Panel Discussion

Help or Harm: How Churches and Families Can Choose to Respond

Listen as three excellent panelists answer viewers’ questions about the help or harm that can result from the responses of churches and families to LGBTQ+ members and those who love them. 

Here are just a few of the many quotes from our panelists: 

“Spaces for open conversation helps. Communities that operate on silence and shame are harmful.” – Ian

“In general, religious participation has positive impacts for mental health – but the opposite is true when
the church creates conflict between one’s religious identity in Christ and one’s sexual identity.” – Emily

“A church’s theology impacts how LGBTQ+ see themselves. If they internalize homophobia, it is harmful.” – Katherine (Hear about four types of churches: Rejecting-punitive; rejecting-non-punitive; qualified accepting; and fully accepting.)

“Identity conflict and internalized homophobia are most harmful for LGBTQ+ youth.” – Katherine

“Church leaders should intentionally assume there are LGBTQ+ persons in the room. Don’t talk about
gays in ways you would not talk to a gay person.” – Katherine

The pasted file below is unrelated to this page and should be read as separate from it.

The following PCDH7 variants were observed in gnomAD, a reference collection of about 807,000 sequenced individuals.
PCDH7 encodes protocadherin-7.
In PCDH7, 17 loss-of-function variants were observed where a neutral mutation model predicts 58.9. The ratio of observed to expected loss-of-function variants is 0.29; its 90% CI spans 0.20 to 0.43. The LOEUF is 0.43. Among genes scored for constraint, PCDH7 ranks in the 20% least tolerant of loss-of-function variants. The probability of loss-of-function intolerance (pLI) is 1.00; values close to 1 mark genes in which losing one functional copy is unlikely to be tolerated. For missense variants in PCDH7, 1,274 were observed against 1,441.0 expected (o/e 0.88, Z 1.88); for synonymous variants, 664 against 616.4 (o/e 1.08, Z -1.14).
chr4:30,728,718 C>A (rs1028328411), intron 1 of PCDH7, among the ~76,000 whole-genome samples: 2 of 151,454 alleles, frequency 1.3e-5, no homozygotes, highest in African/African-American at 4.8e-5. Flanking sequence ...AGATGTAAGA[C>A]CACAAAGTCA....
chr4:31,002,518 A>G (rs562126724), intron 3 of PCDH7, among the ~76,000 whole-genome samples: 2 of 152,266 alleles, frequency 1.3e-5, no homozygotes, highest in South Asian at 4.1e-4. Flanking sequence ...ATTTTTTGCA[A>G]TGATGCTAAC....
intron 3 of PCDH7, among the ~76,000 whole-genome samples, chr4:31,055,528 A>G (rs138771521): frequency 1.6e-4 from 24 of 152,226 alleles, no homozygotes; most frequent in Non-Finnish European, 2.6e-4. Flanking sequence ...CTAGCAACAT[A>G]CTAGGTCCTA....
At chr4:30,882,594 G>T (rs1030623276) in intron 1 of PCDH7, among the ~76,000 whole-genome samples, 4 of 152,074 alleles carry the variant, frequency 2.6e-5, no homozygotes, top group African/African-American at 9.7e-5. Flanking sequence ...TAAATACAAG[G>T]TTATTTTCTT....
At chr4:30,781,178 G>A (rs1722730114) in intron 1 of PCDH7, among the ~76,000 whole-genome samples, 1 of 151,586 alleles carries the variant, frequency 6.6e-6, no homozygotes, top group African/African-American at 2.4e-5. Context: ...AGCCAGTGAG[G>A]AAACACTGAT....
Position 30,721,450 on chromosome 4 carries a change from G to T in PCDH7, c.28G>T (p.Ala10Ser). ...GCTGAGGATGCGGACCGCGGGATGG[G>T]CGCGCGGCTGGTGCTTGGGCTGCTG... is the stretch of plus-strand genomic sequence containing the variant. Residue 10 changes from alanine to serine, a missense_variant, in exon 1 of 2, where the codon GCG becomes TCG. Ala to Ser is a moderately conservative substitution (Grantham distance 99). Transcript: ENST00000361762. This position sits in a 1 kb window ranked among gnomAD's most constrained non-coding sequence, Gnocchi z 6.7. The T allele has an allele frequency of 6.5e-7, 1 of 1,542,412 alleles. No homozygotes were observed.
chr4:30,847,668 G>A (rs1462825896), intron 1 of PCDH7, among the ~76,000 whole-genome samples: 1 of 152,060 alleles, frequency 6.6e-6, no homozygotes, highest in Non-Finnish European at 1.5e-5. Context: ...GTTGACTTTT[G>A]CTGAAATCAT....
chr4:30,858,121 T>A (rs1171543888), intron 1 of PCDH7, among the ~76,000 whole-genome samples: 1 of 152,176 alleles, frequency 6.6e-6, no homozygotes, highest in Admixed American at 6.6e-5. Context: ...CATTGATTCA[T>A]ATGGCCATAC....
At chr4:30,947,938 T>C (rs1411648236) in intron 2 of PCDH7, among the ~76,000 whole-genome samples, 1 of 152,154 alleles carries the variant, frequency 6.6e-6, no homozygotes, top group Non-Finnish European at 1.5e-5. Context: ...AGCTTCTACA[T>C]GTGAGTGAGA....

– Dr. Emily Helder, clinical psychologist and professor of psychology

– Katherine Johnson, programming coordinator at The Reformation Project

– Ian Van Haren, PhD candidate in sociology at McGill, former Canadian diplomat and executive director of an NGO.

Read more about the panelists, below. 

Help or Harm: How Churches and Families Can Choose to Respond 


Dr. Emily Helder (she/her) is a clinical psychologist and professor, and her research focuses on adverse childhood experiences and later impacts on mental health and relationships. She grew up in the CRC and is an elder at Grace Church in Grand Rapids, Michigan.

Ian Van Haren is a PhD candidate in sociology at McGill University. His research and teaching focus on refugee protection, international migration, demography, social policy, and the actions of civil society in supporting individuals seeking protection in new countries. Ian is also the chair of the board of directors of Citizens for Public Justice, a progressive Christian public policy advocacy organization.

Katherine Johnson is the programming coordinator at The Reformation Project. She is passionate about helping people to encounter Scripture in ways that foster a life-giving relationship with God and personal growth in Christlike love. She is convinced that the full inclusion of LGBTQ believers in the life of the church would lead to greater flourishing not only for LGBTQ Christians but also for the Kingdom of God “on earth as it is in heaven”.